Posted by: Bruce | December 30, 2017

Left-handers; writing the wrongs.

On Thursday just gone, I was fiddling. This led to wondering, not for the first time, of a left-hander’s plight in putting pen to paper. Specifically, an inky kind of pen. I wondered a lot, so much in fact that today’s trivia just had to happen.

As a rightie, my pen travels the page from left to right, onto virgin lines awaiting their fate. A trail of letters, joined or not, dry safely and sit, doing their bit.

Now lefties do the same but it’s different. Their pen precedes, left to write, pushed by the hand that blocks inky letters from sight. Which way to slope the letters and keep the fist from smudging ink? Tilt the page or twist the wrist? Unfair conformity I think.

And this is where my wondering veered a little. I thought myself lucky to be in the 90% of the population that are righties. Then, I hypertheticalised (just made up this word); what if lefties were the 90’s and righties the wrong-uns? Would right to left lead to reading problems?

Can there ever be a level ink field? Maybe there’s something to be learned from other languages where writing is columned from top to bottom or right to left. What about diagonals or bottom to top?

Mind boggling you say? Incredible? Yes. That is true.

But soft, what light through yonder window breaks? It is the ink, and lefties reverse how the righties have written. My wondering became a reality. A pure approach from the left, not quite right for the right.

The photos tell the story (low res x3). With an uncooperative left hand I wrote a few words as a 90% leftie. The result, though rough on the eye, should have been obvious. If written by a genuine leftie all those years ago, where would we be now? Reading from the dark side? Click on pic for quick enlargements.

Below are a couple of links to lefthander curiosities. Not all facts are wonderful though. The reason for left handed hand shakes and left hands having ring fingers, present an image not favourable to me.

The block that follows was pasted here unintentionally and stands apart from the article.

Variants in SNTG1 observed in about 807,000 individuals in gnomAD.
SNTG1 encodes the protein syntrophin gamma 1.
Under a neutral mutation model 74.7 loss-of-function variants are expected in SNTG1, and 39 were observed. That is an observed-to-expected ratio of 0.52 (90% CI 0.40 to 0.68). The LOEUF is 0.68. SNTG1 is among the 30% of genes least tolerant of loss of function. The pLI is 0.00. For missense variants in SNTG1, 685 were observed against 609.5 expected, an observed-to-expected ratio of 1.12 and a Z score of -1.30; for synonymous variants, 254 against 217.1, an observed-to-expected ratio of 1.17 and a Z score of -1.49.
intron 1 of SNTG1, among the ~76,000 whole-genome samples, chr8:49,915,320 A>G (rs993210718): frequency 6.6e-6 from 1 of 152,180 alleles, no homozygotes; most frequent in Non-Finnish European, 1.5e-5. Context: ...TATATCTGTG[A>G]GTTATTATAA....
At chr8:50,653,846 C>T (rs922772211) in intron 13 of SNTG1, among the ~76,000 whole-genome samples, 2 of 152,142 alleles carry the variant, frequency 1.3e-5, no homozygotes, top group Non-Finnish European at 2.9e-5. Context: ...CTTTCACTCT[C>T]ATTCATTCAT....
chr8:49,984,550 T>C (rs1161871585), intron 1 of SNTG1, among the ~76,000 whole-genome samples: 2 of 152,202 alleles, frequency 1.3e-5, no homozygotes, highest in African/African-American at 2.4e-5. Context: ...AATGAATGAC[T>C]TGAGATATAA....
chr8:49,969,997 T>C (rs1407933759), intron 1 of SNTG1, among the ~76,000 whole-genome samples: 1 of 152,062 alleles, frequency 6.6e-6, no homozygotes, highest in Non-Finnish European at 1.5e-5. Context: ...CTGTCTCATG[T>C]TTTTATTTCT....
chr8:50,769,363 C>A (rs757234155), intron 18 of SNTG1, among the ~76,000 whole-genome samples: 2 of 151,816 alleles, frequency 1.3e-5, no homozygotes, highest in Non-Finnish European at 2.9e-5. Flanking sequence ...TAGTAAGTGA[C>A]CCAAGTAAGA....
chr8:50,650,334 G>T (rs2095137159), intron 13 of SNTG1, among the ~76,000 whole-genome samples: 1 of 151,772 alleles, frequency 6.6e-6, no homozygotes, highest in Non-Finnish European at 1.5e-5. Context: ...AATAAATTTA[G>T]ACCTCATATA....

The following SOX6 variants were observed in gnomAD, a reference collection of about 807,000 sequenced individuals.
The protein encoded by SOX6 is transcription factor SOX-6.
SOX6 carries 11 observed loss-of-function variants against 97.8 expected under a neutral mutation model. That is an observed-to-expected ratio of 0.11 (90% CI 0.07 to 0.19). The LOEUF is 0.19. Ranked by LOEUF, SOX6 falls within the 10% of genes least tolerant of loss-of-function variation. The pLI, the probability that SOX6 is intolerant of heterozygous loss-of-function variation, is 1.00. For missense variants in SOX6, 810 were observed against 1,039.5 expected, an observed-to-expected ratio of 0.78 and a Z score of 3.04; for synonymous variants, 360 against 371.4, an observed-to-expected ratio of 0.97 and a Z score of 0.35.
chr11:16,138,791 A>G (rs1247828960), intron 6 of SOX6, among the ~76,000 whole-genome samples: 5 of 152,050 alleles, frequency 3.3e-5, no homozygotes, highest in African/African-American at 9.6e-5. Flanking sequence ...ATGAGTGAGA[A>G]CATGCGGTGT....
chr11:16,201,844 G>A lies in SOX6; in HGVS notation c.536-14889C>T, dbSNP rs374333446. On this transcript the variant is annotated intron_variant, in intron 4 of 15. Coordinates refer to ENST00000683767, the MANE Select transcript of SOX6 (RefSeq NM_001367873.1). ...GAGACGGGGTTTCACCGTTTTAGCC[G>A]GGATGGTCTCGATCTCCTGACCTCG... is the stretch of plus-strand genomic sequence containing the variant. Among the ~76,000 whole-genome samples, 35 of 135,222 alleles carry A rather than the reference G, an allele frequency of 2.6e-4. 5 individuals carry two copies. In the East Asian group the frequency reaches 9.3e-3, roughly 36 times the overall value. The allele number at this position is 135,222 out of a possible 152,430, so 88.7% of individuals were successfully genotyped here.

A couple of paragraphs above have some rhythm. It’s not a usual thing for me and sort of happened accidentally.

http://www.telegraph.co.uk/news/0/left-handers-day-13-facts-wonderful-left/

http://www.brainjet.com/random/6532/13-facts-about-left-handed-people-that-you-didnt-know/#page=1

Words for today:      Leftiesdodging the ink with a keyboard

More to come:     same blog time, same blog channel.


Responses

  1. I was a left hander, Bruce. Teacher told my mum to discourage it. By the time my left handed sister began school, mum was a bit wiser and refused to do it. I guess there’s no going back, because when I fractured my right arm earlier this year, I couldn’t write for nuts, not even sign my name. Discovering the dictation app was a life saver.
    Happy, happy new year, Bruce.
    Hugs,
    Mary

    Like

    • Thanks Mary and Happy New Year for you too. Are you still a left hander though, even though you can’t write with your left? And do you think left handers (if we went back in time) would naturally write and read in reverse to right handers?

      Like

      • Sorry it took so long to get back to you, Bruce. I have a granddaughter who is running me ragged. When I fractured my right arm 8 months ago and done something to the nerve of one finger I’ve learned to use my left hand, but not for writing. Not sure about the second question. We are all trained to read and write one way. On the other hand there are other cultures who do read and write right to left and in columns.

        Liked by 1 person


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